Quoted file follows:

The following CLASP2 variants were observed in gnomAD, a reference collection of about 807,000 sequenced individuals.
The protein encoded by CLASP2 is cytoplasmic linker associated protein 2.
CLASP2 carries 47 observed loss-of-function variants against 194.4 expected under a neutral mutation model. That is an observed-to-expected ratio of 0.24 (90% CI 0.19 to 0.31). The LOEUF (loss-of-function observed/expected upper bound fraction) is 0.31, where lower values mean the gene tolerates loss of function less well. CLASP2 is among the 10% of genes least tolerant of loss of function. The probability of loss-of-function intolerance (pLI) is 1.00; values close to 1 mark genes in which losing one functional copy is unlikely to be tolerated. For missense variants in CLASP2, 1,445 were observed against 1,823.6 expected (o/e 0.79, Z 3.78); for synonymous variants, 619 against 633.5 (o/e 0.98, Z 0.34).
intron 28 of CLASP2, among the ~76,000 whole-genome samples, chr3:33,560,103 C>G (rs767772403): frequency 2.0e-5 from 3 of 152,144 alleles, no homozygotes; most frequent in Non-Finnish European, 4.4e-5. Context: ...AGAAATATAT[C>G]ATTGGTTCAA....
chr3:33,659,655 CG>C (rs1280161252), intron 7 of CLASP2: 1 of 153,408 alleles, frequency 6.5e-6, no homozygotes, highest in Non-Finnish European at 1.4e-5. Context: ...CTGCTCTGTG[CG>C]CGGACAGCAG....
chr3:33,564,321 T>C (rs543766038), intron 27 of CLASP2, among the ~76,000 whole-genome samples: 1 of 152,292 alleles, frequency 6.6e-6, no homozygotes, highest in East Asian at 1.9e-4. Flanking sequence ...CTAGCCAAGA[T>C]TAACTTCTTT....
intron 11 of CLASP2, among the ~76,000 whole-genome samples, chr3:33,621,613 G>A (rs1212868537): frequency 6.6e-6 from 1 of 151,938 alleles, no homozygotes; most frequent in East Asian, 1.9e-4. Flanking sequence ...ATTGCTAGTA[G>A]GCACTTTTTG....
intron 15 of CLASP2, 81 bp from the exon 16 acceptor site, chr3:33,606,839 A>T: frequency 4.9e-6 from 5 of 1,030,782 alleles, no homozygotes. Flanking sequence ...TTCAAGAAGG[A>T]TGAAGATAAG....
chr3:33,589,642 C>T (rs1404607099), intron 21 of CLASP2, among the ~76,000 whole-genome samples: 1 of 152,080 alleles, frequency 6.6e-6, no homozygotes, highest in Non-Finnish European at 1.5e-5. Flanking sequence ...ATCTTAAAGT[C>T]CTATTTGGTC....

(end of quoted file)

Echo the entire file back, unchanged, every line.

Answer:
The following CLASP2 variants were observed in gnomAD, a reference collection of about 807,000 sequenced individuals.
The protein encoded by CLASP2 is cytoplasmic linker associated protein 2.
CLASP2 carries 47 observed loss-of-function variants against 194.4 expected under a neutral mutation model. That is an observed-to-expected ratio of 0.24 (90% CI 0.19 to 0.31). The LOEUF (loss-of-function observed/expected upper bound fraction) is 0.31, where lower values mean the gene tolerates loss of function less well. CLASP2 is among the 10% of genes least tolerant of loss of function. The probability of loss-of-function intolerance (pLI) is 1.00; values close to 1 mark genes in which losing one functional copy is unlikely to be tolerated. For missense variants in CLASP2, 1,445 were observed against 1,823.6 expected (o/e 0.79, Z 3.78); for synonymous variants, 619 against 633.5 (o/e 0.98, Z 0.34).
intron 28 of CLASP2, among the ~76,000 whole-genome samples, chr3:33,560,103 C>G (rs767772403): frequency 2.0e-5 from 3 of 152,144 alleles, no homozygotes; most frequent in Non-Finnish European, 4.4e-5. Context: ...AGAAATATAT[C>G]ATTGGTTCAA....
chr3:33,659,655 CG>C (rs1280161252), intron 7 of CLASP2: 1 of 153,408 alleles, frequency 6.5e-6, no homozygotes, highest in Non-Finnish European at 1.4e-5. Context: ...CTGCTCTGTG[CG>C]CGGACAGCAG....
chr3:33,564,321 T>C (rs543766038), intron 27 of CLASP2, among the ~76,000 whole-genome samples: 1 of 152,292 alleles, frequency 6.6e-6, no homozygotes, highest in East Asian at 1.9e-4. Flanking sequence ...CTAGCCAAGA[T>C]TAACTTCTTT....
intron 11 of CLASP2, among the ~76,000 whole-genome samples, chr3:33,621,613 G>A (rs1212868537): frequency 6.6e-6 from 1 of 151,938 alleles, no homozygotes; most frequent in East Asian, 1.9e-4. Flanking sequence ...ATTGCTAGTA[G>A]GCACTTTTTG....
intron 15 of CLASP2, 81 bp from the exon 16 acceptor site, chr3:33,606,839 A>T: frequency 4.9e-6 from 5 of 1,030,782 alleles, no homozygotes. Flanking sequence ...TTCAAGAAGG[A>T]TGAAGATAAG....
chr3:33,589,642 C>T (rs1404607099), intron 21 of CLASP2, among the ~76,000 whole-genome samples: 1 of 152,080 alleles, frequency 6.6e-6, no homozygotes, highest in Non-Finnish European at 1.5e-5. Flanking sequence ...ATCTTAAAGT[C>T]CTATTTGGTC....